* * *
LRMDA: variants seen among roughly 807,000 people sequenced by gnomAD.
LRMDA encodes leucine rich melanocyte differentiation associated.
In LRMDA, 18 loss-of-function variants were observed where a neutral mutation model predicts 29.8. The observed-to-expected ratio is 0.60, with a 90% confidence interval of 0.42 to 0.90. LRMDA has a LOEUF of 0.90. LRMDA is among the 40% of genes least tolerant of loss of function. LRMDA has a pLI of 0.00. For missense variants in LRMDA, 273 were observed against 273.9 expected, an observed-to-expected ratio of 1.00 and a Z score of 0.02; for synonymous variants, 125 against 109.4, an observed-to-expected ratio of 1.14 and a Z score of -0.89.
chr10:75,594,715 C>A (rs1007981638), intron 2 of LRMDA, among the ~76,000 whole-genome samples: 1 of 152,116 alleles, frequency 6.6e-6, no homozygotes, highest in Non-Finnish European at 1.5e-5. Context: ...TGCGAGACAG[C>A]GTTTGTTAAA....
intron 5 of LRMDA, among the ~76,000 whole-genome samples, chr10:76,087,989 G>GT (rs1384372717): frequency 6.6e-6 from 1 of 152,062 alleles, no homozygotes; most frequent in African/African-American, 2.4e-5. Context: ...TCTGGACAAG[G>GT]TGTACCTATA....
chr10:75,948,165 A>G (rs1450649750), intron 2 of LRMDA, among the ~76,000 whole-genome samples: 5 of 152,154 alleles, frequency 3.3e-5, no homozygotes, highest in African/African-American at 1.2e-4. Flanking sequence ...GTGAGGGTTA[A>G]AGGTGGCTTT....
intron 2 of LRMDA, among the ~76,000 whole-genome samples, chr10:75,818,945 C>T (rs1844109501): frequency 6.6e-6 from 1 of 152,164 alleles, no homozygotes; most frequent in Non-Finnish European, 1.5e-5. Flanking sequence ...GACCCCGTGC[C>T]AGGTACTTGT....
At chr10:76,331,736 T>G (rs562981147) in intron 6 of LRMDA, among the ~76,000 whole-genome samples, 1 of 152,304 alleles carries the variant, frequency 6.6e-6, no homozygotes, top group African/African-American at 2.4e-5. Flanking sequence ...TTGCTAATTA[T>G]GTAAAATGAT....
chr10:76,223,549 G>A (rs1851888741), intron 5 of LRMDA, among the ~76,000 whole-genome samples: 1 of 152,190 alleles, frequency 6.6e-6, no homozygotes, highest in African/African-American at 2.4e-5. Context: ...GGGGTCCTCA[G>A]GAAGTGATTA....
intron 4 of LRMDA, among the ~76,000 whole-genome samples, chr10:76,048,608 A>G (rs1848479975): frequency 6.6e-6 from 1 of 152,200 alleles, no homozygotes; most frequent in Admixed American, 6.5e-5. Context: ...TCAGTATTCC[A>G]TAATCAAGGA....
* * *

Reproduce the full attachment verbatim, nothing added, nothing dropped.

LRMDA: variants seen among roughly 807,000 people sequenced by gnomAD.
LRMDA encodes leucine rich melanocyte differentiation associated.
In LRMDA, 18 loss-of-function variants were observed where a neutral mutation model predicts 29.8. The observed-to-expected ratio is 0.60, with a 90% confidence interval of 0.42 to 0.90. LRMDA has a LOEUF of 0.90. LRMDA is among the 40% of genes least tolerant of loss of function. LRMDA has a pLI of 0.00. For missense variants in LRMDA, 273 were observed against 273.9 expected, an observed-to-expected ratio of 1.00 and a Z score of 0.02; for synonymous variants, 125 against 109.4, an observed-to-expected ratio of 1.14 and a Z score of -0.89.
chr10:75,594,715 C>A (rs1007981638), intron 2 of LRMDA, among the ~76,000 whole-genome samples: 1 of 152,116 alleles, frequency 6.6e-6, no homozygotes, highest in Non-Finnish European at 1.5e-5. Context: ...TGCGAGACAG[C>A]GTTTGTTAAA....
intron 5 of LRMDA, among the ~76,000 whole-genome samples, chr10:76,087,989 G>GT (rs1384372717): frequency 6.6e-6 from 1 of 152,062 alleles, no homozygotes; most frequent in African/African-American, 2.4e-5. Context: ...TCTGGACAAG[G>GT]TGTACCTATA....
chr10:75,948,165 A>G (rs1450649750), intron 2 of LRMDA, among the ~76,000 whole-genome samples: 5 of 152,154 alleles, frequency 3.3e-5, no homozygotes, highest in African/African-American at 1.2e-4. Flanking sequence ...GTGAGGGTTA[A>G]AGGTGGCTTT....
intron 2 of LRMDA, among the ~76,000 whole-genome samples, chr10:75,818,945 C>T (rs1844109501): frequency 6.6e-6 from 1 of 152,164 alleles, no homozygotes; most frequent in Non-Finnish European, 1.5e-5. Flanking sequence ...GACCCCGTGC[C>T]AGGTACTTGT....
At chr10:76,331,736 T>G (rs562981147) in intron 6 of LRMDA, among the ~76,000 whole-genome samples, 1 of 152,304 alleles carries the variant, frequency 6.6e-6, no homozygotes, top group African/African-American at 2.4e-5. Flanking sequence ...TTGCTAATTA[T>G]GTAAAATGAT....
chr10:76,223,549 G>A (rs1851888741), intron 5 of LRMDA, among the ~76,000 whole-genome samples: 1 of 152,190 alleles, frequency 6.6e-6, no homozygotes, highest in African/African-American at 2.4e-5. Context: ...GGGGTCCTCA[G>A]GAAGTGATTA....
intron 4 of LRMDA, among the ~76,000 whole-genome samples, chr10:76,048,608 A>G (rs1848479975): frequency 6.6e-6 from 1 of 152,200 alleles, no homozygotes; most frequent in Admixed American, 6.5e-5. Context: ...TCAGTATTCC[A>G]TAATCAAGGA....